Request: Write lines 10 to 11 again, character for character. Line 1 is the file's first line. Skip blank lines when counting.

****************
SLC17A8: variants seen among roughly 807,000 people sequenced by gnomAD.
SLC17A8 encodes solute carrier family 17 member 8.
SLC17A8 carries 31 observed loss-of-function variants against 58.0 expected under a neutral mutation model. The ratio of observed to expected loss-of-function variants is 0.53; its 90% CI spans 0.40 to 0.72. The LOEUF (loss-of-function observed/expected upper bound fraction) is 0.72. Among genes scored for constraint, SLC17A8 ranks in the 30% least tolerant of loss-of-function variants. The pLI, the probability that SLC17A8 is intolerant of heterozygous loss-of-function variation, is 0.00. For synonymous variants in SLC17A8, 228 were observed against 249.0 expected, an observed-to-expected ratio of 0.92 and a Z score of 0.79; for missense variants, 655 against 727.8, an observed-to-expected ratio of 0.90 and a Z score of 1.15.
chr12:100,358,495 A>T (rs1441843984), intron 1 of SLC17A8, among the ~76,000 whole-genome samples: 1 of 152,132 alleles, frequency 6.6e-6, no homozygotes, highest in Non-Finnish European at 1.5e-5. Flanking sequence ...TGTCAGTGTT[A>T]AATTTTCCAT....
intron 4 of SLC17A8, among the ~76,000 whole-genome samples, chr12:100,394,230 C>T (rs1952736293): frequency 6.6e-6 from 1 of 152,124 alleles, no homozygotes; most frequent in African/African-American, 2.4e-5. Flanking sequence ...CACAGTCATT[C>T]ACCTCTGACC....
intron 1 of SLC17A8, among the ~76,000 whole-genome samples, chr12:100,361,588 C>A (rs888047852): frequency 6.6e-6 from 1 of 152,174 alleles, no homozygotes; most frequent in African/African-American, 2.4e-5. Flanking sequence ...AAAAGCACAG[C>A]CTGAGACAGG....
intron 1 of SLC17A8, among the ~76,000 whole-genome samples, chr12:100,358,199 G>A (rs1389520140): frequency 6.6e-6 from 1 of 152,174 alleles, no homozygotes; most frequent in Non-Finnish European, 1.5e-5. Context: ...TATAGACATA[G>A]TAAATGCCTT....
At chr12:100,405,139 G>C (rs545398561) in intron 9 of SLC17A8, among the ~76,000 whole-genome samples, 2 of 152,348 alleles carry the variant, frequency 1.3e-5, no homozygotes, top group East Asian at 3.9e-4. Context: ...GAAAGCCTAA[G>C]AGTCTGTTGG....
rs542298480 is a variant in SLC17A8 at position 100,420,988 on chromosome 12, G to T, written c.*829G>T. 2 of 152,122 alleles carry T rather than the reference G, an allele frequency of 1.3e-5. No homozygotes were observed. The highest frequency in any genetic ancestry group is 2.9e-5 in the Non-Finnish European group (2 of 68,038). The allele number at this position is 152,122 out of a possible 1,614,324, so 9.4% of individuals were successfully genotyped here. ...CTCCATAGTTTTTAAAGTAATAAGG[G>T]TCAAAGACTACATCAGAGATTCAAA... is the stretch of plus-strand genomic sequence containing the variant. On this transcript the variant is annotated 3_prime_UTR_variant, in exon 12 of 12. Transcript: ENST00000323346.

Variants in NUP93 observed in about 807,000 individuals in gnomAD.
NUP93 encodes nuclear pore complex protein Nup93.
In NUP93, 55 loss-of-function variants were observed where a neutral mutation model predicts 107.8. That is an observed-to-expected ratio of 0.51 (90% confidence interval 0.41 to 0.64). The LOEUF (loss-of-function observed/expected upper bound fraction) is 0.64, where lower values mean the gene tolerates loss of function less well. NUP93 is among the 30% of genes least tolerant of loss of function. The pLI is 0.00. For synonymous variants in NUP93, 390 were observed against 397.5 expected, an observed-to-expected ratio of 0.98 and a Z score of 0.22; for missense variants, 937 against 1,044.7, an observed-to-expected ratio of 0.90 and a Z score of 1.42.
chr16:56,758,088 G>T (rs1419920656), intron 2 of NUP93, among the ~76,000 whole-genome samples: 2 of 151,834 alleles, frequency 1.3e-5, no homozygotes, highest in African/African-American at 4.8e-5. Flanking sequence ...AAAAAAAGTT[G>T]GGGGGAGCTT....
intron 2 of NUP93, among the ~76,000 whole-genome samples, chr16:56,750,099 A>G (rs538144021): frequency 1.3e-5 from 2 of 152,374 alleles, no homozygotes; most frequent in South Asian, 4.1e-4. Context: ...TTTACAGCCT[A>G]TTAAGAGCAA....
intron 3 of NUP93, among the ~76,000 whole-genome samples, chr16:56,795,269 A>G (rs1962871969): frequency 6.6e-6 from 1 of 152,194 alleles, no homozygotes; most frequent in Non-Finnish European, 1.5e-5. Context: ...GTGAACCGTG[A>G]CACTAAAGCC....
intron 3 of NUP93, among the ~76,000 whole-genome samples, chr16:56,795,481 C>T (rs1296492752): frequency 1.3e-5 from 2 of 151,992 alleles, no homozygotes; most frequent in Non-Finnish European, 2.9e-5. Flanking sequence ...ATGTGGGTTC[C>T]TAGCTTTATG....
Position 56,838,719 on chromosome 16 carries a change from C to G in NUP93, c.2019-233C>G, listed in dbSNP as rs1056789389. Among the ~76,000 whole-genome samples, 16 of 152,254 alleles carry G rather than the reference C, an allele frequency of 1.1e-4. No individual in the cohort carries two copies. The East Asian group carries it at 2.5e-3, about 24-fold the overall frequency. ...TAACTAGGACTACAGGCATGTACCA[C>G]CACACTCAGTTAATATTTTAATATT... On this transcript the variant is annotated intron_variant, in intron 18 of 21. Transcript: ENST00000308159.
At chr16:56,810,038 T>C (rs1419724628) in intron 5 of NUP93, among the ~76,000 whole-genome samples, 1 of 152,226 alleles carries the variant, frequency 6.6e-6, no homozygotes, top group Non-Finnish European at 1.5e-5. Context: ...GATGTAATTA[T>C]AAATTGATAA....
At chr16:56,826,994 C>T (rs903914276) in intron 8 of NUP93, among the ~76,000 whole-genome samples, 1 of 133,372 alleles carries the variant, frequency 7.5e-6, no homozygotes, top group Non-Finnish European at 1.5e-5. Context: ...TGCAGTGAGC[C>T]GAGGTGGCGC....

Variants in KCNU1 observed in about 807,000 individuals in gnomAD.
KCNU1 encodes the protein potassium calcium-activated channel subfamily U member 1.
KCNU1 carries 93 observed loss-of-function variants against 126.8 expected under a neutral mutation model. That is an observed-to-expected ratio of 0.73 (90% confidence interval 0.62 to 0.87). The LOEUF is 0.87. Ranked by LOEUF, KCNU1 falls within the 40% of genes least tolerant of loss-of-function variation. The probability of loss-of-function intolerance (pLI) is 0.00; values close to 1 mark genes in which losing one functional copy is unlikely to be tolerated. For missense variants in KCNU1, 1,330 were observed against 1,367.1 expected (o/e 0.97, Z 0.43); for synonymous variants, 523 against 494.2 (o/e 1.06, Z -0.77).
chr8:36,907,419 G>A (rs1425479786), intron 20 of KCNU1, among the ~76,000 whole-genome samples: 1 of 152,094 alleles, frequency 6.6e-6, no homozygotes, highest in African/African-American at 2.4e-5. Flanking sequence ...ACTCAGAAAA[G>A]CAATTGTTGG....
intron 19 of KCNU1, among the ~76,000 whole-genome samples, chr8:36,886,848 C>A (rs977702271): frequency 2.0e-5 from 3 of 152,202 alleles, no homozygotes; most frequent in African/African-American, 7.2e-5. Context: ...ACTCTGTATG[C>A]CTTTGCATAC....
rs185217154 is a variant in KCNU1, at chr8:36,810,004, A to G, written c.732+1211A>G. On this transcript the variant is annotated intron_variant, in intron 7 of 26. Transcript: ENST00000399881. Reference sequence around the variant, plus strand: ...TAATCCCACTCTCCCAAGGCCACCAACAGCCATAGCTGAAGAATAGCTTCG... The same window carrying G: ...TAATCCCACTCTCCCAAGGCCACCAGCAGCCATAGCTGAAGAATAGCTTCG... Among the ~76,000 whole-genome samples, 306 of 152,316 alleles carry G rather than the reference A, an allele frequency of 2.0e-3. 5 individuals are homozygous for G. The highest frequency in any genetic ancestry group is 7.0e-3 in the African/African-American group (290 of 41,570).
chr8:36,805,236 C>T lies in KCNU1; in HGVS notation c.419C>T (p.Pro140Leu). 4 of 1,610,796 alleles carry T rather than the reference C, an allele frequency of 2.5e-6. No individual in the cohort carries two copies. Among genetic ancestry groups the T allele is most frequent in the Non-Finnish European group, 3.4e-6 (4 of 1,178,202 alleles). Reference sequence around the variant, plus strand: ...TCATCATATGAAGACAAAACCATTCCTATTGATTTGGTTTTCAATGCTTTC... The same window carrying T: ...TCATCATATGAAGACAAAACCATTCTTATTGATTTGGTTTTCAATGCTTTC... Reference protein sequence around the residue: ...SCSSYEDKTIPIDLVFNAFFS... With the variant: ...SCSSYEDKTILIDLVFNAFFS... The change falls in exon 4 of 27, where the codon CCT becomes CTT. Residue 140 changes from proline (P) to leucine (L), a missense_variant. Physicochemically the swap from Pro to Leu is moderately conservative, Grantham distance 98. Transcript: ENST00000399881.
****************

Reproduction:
Variants in NUP93 observed in about 807,000 individuals in gnomAD.
NUP93 encodes nuclear pore complex protein Nup93.